My Four Steps for a successful cloud deployment - Data8 February 2019 · Filed in Infrastructure Development Book
Keeping the data safe
Twelve factor applications (https://12factor.net/) discourage any form of local data.
Keeping data local to a server may be easier and quicker, but it restricts the options for scaling and providing redundancy for the information.
Some applications, by default, expect local data on the server. In the Cloud, we cannot afford this luxury for two reasons: should we allow local data, it will be lost when the server scales in, or if a fault occurs causing the server to be withdrawn from service.
Local data as opposed to shared data is required in some circumstances and must be designed to be disposable. Most services require a database. While this is not stored on the application server and is shared, the server hosting the database service itself needs some form of local data to store that data. Most database systems can be deployed in such a way that it acts as part of a cluster and can survive any one node in that cluster disappearing through scaling or fault. Automated systems should then rebuild a replacement node, degrading the service while this takes place for efficient completion.
Other forms of local data must be configured away from their defaults to enable remote storage.
Application activity and error logs should be streamed to a central logging service. This should be extended to all logging on the server, including system logs and application logs. Not only does this keep the data safe (assuming the logging service is itself a cluster), it also enables easy searching and aggregation of the data for analysis and reporting.
Sometimes overlooked are temporary files used by the server and application. This may be related to a user’s session, but it restricts the user to that one server, making it difficult to scale in.
In some cases, such as WordPress websites, the data directories can only be synchronised if the application can be modified by in-house developers to use shared storage. NFS, Resilio or another syncing solution should be used to preserve and share the data among the application servers.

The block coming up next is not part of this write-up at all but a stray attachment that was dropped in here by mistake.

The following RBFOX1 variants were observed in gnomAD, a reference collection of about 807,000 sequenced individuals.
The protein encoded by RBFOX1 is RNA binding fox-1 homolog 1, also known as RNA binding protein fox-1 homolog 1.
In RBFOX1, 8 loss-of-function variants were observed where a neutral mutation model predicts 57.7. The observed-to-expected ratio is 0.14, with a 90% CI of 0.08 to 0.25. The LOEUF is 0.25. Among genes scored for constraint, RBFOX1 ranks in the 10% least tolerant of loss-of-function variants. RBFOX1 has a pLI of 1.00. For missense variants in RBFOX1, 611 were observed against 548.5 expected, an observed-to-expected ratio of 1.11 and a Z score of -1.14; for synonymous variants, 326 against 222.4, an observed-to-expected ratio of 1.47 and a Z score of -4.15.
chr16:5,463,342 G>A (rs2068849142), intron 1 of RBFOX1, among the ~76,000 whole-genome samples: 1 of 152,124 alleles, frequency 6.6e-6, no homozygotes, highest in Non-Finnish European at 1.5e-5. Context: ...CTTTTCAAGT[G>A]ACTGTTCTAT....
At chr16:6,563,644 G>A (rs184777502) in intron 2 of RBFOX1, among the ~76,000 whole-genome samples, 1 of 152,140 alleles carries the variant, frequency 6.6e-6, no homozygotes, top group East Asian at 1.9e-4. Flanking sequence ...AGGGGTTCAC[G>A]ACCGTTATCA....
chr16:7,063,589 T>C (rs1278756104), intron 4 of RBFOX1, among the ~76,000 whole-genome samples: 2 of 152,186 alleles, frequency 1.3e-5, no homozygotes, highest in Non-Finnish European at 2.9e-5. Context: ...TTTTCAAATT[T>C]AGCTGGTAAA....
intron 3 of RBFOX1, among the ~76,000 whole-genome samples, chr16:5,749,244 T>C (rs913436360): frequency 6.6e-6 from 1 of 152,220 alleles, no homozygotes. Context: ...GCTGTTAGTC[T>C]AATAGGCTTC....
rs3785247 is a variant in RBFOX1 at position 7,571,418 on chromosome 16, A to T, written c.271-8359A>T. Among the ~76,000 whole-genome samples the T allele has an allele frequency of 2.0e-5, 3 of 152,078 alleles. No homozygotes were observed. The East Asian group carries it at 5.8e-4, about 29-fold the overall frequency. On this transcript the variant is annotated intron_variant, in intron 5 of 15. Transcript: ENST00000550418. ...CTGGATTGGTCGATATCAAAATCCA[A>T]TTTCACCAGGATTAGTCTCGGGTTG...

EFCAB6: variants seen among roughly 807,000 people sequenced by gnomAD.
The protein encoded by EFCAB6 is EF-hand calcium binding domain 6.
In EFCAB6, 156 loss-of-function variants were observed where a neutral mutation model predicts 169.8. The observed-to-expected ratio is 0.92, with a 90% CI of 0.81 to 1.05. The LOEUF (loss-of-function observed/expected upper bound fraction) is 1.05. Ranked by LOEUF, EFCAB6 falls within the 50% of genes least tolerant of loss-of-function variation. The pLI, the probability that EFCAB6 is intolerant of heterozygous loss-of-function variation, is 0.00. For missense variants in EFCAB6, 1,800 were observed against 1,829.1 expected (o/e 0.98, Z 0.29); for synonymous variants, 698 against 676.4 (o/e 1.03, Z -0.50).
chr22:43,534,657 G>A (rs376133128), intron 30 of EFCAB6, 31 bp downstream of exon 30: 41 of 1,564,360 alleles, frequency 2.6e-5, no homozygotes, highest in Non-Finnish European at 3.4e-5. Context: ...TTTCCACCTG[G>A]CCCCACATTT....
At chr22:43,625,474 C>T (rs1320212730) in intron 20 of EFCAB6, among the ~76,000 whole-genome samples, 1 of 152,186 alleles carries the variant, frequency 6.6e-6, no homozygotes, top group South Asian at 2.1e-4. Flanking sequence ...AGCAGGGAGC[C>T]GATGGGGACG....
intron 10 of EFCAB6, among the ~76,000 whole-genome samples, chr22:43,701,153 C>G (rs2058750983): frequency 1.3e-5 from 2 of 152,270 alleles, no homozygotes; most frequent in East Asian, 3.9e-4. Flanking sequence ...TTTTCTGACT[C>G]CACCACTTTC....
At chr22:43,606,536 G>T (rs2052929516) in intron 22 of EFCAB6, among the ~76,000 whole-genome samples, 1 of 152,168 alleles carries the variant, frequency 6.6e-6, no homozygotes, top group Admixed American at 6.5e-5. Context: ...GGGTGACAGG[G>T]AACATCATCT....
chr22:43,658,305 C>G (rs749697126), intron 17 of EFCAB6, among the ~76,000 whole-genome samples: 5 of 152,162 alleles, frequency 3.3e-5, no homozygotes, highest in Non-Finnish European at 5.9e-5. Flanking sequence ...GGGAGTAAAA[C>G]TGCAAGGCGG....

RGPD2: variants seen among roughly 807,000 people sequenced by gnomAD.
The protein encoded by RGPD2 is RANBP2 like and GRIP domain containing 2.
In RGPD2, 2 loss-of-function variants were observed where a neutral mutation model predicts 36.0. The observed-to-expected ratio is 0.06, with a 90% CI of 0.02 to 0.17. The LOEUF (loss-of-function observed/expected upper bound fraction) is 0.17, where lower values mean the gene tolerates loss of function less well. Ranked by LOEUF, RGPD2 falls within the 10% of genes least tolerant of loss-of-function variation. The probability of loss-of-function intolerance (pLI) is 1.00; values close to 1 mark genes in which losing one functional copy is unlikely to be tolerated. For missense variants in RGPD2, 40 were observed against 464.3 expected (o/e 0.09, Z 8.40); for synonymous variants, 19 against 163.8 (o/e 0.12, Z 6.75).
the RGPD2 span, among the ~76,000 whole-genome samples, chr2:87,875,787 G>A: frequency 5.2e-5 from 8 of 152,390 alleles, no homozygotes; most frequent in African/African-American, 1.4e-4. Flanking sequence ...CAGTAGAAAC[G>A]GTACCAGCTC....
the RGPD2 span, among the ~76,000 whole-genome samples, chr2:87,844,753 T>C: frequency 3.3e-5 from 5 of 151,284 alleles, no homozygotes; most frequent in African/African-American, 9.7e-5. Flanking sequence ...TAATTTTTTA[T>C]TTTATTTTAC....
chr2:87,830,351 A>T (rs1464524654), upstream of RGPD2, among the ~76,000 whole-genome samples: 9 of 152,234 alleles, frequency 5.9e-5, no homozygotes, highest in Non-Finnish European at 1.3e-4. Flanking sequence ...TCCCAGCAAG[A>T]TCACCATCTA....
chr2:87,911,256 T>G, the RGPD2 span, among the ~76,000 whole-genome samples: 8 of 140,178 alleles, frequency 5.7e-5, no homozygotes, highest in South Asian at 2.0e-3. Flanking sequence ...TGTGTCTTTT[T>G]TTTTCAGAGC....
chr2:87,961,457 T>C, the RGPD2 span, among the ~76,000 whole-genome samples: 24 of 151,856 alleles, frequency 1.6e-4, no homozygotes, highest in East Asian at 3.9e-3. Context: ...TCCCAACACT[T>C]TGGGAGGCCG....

Keeping data off the application servers and limited to the shared data servers allows for better disaster recovery, enabling a focused effort on the data services for backup and quick service restoration following a component failure.
Having the data in a cluster will protect the service from hardware failure, but a bigger disaster may require relocation of the service entirely. Data backups will enable recovery of data to a different site should the very worse happen. For this reason, Cloud providers have multiple sites or regions, and data can be copied or backed up to another physical location. Having the infrastructure code ready to execute this alternative region is a worthy exercise should the cost of total loss of service justify it.
Regular backup of the data is important for micro restores. This is where only part of the data, otherwise known as a granular restore, will provide a point in time restoration following corruption or malicious data loss. The shorter backup interval reduces the actual data loss endured in these situations, but will take some thought to setup.
Using the Cloud as an offsite backup solution for an existing data centre is more reliable and cheaper than traditional tape and shipping solutions. Tapes are not reliable when it comes to restores, and the process by which the tapes are recovered before restoring can be lengthy, making the Cloud an attractive option.
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